Calmly riding out the storm High hopes grounded: Towson State and Scooter Alexander saw grand expectations derailed by a few problems and a late-season slump.

March 02, 1996|By Roch Eric Kubatko | Roch Eric Kubatko,SUN STAFF

The joke around Towson State a couple weeks ago was that if senior guard Scooter Alexander didn't turn up soon, someone would have to file a missing persons report.

Then the asides turned into genuine concern. Alexander missed three days of classes and no one knew his whereabouts.

Once Alexander contacted coach Terry Truax with his explanation -- he'll only say it was for personal reasons -- he had to sit out a Feb. 16 loss to Drexel, and didn't start the next game against Hofstra.

It was the latest bump in the road for Towson State on its first ride through the North Atlantic Conference. What looks like a smooth, promising road winds up pothole-filled.

This isn't how Alexander, who is averaging a career-low 11.7 points while shooting 42 percent from the field, envisioned his final collegiate season. And he definitely had bigger expectations for the Tigers than being 15-11 and seeded fifth heading into today's quarterfinal round of the NAC tournament in Delaware.

At one time, the Tigers were 8-2 in the league and challenging Drexel for first place. But that was before they lost five of their last eight games, giving them more stagger than swagger going into the tournament.

"I'd call the state of this team frustrated right now," said assistant coach Jim Meil. "The way some of our games have evolved, it seems we get going, then we hit a stumbling block. There's been no smooth flow."

That's how Alexander's season has gone, too. He sat out 1994-95 as a redshirt, looking forward to Towson's move to the North Atlantic this year. But he has gone hot and cold on the court.

A low point came after after he missed a practice because of car trouble and was brought off the bench against Hofstra on Jan. 23. With a scout from the Denver Nuggets watching, he made two of nine shots and finished with four points, and Towson State lost by 20.

"The layoff hurt me a little more than I thought," said Alexander, who will leave Towson State as its No. 3 all-time scorer. "I wasn't really in shape like I needed to be. But I'm not disappointed. Basketball is just a game, and I still love the game, regardless."

But he doesn't seem to need it as much anymore. The main reason he didn't play last season was because he wanted to devote more time to his studies. Now, he's on pace to graduate in May with a degree in mass communications.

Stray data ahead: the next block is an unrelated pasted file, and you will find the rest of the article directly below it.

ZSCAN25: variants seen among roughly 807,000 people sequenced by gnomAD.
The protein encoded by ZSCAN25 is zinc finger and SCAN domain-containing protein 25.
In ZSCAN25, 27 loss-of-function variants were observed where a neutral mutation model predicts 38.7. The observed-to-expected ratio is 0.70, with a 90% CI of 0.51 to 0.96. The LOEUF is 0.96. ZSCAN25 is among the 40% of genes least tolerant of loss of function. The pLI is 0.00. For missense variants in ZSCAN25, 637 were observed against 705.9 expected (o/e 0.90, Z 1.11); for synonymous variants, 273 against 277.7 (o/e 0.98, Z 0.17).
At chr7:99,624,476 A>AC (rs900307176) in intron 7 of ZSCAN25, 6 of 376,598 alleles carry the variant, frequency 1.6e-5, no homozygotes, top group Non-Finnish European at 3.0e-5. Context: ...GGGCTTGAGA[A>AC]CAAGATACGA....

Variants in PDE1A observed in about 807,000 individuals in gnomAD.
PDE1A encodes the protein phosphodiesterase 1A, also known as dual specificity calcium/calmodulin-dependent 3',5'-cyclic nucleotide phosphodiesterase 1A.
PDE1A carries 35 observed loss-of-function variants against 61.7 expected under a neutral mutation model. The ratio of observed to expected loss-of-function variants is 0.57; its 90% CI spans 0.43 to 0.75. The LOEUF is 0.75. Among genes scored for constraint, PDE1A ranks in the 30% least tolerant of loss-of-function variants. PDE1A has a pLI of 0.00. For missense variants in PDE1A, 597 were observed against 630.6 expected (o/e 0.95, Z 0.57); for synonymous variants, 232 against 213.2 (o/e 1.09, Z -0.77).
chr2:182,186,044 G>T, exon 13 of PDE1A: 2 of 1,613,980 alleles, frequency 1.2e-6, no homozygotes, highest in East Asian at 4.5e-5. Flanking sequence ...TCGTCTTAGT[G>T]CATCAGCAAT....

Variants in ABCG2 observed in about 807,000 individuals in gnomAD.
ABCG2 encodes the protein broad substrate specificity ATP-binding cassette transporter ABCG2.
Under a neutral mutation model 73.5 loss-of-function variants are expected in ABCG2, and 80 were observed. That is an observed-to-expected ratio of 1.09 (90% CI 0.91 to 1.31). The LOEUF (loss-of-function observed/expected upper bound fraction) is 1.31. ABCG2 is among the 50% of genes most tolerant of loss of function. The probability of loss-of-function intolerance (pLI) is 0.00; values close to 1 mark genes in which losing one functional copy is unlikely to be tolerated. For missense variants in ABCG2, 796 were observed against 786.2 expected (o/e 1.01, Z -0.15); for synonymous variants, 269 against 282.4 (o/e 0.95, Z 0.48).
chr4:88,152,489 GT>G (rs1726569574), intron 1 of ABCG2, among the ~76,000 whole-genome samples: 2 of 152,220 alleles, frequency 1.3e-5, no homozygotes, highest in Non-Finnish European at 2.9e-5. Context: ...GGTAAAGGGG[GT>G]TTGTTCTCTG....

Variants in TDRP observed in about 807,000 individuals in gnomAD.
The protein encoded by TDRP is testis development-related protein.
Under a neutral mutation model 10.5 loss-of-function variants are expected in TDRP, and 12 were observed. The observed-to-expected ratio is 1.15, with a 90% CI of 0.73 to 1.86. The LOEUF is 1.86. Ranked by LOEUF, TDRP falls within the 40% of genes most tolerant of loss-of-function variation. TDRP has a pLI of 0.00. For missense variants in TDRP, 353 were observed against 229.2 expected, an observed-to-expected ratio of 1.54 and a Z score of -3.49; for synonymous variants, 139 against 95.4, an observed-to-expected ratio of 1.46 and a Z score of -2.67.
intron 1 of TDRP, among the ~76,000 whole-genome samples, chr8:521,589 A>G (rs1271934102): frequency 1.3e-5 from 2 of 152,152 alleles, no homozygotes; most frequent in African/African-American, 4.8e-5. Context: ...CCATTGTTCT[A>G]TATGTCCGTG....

He has other responsibilities that supersede basketball, such as a 6-year old daughter who lives with her mother in West Baltimore.

"He's a good person, a caring person," said Meil, who has known Alexander since the Dunbar graduate was 14. "It was a little bit unusual for him to kind of withdraw like he did those couple of days, but he takes his involvement with his daughter very seriously. He leads a personal life that's filled with responsibilities, more than the average college student might have.

". . . And he's a good kid who's matured a lot. His grandmother passed away last year, and that was tough for him. All things considered, he's handled everything pretty well."

That includes some of the scrutiny that the program has been under this season. Two other starters, seniors Ralph Blalock and Stevie Thomas, have been benched for missing practice, and junior guard DeRon Robinson was suspended for one game after walking out of a shoot-around.

"You've got a lot of people sitting around and analyzing things from the outside when you're losing," said Alexander, a two-time All-Big South selection. "These aren't really problems. These things have gone on in the past, but it wasn't so much magnified because we were winning. But I think we're together. Everyone wants to win, and that's all you can ask for."

He may control the Tigers' fate this weekend. "When he doesn't play well, it affects the team," Truax said, "and when he plays well, it affects the team.

"I'm not happy with the overall performance of this team; it's obvious they've underachieved. But in terms of liking the kids and caring about the kids, that will never change. And I'm very fond of Scooter. I just wish I could have helped him more, or he would have felt comfortable to let me know what was wrong.

"Scooter's meant a lot to the program. He's done an awful lot of good things. As much as anybody on this team, and more so than most, I'd like to see him go out this weekend a winner and finish up on a really happy note."

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